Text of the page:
Wondering Why You're Always Bloated?

Photo by Susana Ramírez

Several months ago I saw a lovely young woman, 19 years old; let’s call her Amy. She talked to me mostly about her belly bloating and gas over the last three years, explaining how embarrassing and uncomfortable it was. Amy also complained about having social anxiety, and the combination of the two had become really difficult for her to handle—especially as a young person. I, of course, got her medical history, list of medications and allergies, and then we tackled the issue from five different directions, as I do with all my patients in my functional medicine practice:

1. Physical.

During our discussion, I found out that Amy was not exercising. This was a crucial piece of information because exercise has been shown to significantly reduce symptoms of anxiety. I asked her if she was willing to exercise. She said, "I like yoga, and if a doctor says I should do it, I will." We started with yoga two to three days a week, building up to three to five days a week.

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2. Chemistry.

We did a full functional medicine analysis, which I do one of two ways: The first is a stepwise approach, in which we do several tests, then treat what we find. If that fixes the problem, then we’re done. If it doesn’t resolve the problems, then we do more testing. The second approach is to do everything at once. In other words, order all possible testing and see if we can find the biggest offenders and treat them. Amy chose the all-in-one approach.

We ordered stool, blood, urine, and saliva testing. I worked her gut up for SIBO (small intestinal bacterial overgrowth), dysbiosis, an overgrowth of candida (yeast), food allergies, leaky gut (increased intestinal permeability). In addition, we looked at nutritional deficiencies or excesses, amino acids, oxidative stress, heavy metal toxicity, neurotransmitters, glutathione levels, and mold toxicity.

While the testing was in process we started her on a regimen of herbs and probiotics to treat her gas and got her off gluten and dairy, which are common offenders. I also added a little bit of Inositol to help with her anxiety. There are a lot of approaches to herbs and supplements, and I am very careful not to overload people. I have found that changing too much at once overwhelms many patients, and then they won’t actually end up changing anything.

3. Psychological.

Amy clearly had significant emotional issues, so we talked about how her fears had gotten the best of her, boxing her into a corner. I found out that she used computer or phone games for four to six hours a day to escape from reality. We talked about therapy, and for her I thought it was important to start with some kind of seminar to break her current patterns.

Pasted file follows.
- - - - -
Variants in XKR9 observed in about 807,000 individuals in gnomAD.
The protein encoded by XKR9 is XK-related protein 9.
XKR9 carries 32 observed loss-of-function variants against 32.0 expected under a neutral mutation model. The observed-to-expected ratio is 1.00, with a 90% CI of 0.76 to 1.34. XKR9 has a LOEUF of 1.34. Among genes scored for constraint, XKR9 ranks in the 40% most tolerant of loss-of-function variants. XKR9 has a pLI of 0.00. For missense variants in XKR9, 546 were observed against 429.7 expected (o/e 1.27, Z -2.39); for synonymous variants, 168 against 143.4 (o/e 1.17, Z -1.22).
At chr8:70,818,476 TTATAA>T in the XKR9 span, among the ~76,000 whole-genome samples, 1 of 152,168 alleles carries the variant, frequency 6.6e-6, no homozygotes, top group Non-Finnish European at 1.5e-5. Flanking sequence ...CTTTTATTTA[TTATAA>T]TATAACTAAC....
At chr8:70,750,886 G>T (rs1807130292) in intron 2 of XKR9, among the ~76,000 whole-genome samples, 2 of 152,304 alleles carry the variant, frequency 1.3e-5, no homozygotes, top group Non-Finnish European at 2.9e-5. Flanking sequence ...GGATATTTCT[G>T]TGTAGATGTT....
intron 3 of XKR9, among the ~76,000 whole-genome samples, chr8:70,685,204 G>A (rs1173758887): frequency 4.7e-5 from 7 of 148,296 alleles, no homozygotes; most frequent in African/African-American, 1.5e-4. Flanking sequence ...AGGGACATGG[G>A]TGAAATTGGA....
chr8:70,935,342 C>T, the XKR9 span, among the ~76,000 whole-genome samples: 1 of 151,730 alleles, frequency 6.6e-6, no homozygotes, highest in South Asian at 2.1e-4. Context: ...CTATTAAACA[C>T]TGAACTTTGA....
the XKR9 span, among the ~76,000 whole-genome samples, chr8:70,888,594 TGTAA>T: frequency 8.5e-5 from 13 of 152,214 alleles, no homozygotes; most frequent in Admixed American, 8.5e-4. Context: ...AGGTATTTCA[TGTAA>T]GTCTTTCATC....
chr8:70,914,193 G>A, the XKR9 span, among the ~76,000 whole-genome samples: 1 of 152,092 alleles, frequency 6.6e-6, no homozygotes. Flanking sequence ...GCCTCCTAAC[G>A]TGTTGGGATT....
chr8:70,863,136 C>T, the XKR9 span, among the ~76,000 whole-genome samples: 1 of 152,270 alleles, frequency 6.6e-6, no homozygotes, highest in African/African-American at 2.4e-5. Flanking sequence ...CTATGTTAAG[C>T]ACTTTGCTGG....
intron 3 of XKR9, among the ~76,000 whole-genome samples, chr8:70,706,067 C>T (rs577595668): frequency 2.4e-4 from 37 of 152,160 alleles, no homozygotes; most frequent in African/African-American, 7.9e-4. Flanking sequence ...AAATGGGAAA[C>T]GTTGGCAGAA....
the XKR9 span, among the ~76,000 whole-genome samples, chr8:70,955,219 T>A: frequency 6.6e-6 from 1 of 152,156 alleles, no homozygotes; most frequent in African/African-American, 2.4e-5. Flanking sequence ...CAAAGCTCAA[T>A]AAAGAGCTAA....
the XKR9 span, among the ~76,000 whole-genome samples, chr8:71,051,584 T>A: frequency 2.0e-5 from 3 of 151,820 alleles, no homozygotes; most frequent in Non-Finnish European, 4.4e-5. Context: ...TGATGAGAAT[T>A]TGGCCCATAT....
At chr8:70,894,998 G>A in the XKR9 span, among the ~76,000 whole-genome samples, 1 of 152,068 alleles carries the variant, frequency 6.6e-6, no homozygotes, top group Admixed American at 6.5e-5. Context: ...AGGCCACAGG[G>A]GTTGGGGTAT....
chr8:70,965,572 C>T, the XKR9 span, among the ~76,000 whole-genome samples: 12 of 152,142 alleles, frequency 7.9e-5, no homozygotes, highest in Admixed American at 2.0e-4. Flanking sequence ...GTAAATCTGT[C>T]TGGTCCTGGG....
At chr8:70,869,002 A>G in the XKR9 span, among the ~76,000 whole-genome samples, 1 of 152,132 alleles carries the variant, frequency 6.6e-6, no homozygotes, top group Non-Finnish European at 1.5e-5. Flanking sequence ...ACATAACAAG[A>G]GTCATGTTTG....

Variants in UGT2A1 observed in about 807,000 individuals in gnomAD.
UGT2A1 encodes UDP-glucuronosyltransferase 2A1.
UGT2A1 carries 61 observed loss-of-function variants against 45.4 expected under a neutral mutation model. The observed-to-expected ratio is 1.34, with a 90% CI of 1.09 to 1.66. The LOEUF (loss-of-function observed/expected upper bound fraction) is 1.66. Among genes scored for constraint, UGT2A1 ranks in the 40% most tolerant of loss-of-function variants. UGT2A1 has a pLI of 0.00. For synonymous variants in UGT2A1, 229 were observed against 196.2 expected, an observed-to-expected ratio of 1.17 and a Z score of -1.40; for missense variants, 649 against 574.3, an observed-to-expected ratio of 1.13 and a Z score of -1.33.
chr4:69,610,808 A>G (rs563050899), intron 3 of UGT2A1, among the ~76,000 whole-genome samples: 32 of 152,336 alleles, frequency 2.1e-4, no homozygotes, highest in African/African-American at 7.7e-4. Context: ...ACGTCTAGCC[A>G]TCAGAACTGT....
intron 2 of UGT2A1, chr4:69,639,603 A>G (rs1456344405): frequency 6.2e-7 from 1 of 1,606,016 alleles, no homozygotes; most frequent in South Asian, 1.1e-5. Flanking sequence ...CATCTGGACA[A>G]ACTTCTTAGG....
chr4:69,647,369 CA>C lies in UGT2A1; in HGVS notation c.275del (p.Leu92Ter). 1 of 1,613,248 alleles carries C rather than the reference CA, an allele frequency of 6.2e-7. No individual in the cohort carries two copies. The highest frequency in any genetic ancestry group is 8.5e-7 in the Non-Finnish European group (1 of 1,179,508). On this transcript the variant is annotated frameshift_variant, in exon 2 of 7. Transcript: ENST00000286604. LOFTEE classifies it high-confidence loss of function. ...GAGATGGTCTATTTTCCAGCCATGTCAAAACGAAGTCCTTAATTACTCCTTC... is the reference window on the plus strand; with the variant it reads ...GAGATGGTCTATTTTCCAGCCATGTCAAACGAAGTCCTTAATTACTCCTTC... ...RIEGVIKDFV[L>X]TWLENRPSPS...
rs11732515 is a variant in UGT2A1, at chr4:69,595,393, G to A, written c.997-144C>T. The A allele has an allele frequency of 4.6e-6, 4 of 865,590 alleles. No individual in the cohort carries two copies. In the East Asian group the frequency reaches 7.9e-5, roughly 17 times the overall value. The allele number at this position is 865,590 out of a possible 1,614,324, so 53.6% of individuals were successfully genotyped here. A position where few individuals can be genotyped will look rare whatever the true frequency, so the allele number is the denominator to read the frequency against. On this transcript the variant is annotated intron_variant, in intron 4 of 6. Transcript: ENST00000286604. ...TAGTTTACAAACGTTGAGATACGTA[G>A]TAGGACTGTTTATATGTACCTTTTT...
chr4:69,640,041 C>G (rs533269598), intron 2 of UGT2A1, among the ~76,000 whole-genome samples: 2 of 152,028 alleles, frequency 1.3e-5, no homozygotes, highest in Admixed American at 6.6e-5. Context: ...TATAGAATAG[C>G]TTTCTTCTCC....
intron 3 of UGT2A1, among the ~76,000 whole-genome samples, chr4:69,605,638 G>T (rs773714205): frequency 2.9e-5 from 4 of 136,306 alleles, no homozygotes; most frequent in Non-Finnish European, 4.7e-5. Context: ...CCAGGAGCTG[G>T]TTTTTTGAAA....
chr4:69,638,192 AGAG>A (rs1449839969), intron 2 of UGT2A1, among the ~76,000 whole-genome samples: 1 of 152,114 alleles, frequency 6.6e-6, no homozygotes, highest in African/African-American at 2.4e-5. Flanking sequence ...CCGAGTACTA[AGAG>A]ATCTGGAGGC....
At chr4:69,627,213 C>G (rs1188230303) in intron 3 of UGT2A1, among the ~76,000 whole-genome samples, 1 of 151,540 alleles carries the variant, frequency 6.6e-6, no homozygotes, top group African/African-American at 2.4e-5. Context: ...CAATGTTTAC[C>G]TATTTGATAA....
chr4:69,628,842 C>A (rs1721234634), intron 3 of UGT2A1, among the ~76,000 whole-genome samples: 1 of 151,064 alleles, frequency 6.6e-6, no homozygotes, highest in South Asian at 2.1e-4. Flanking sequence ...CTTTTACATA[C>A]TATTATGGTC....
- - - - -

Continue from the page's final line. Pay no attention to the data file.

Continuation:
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4. Social.

Amy’s relationship with her family was strained, and she had few friends. We discussed how social support is vital to one’s health. We discussed The Blue Zones by Dan Buettner and found that when they analyzed the five areas of the world where inhabitants commonly lived to over 100 years old, one of the most striking commonalities was a strong social network of friends and family. We discussed that having friends and family around isn't a luxury; it's vital to good health.

5. Spiritual.

When I speak about spiritual, I speak about a sense of purpose or deeper meaning in life. Why should you exercise or eat well if you don’t have a sense of purpose? All I asked of Amy was that she meditate every day for 10 minutes—for at least eight weeks. I've found that eight weeks of solid practice can create noticeable changes. Meditation apps like Headspace, Insight Timer, or Calm really help people stick with it.

With her assignments in hand, we wrapped up our session. I saw Amy back for a follow-up two months later. She was, quite literally, not the same person I had met two months earlier! She had reestablished ties with her mother and some friends. She was meditating every day. Her gaming time had gone down from four hours a day to one. Her gas was also much better. Even before the test results had come in, our intervention of removing gluten and dairy, putting her on powerful herbs for dysbiosis and candida, and recolonizing her gut with good bacteria through a probiotic had had a significant impact.

For me, this is what it's all about. Helping people on their personal journey to better health and happiness, by addressing these five aspects of health, is the "juice" of life.

Wonder what specific foods cause bloating? Here's a list.

And are you ready to learn how to fight inflammation and address autoimmune disease through the power of food? Join our 5-Day Inflammation Video Summit with mindbodygreen’s top doctors.

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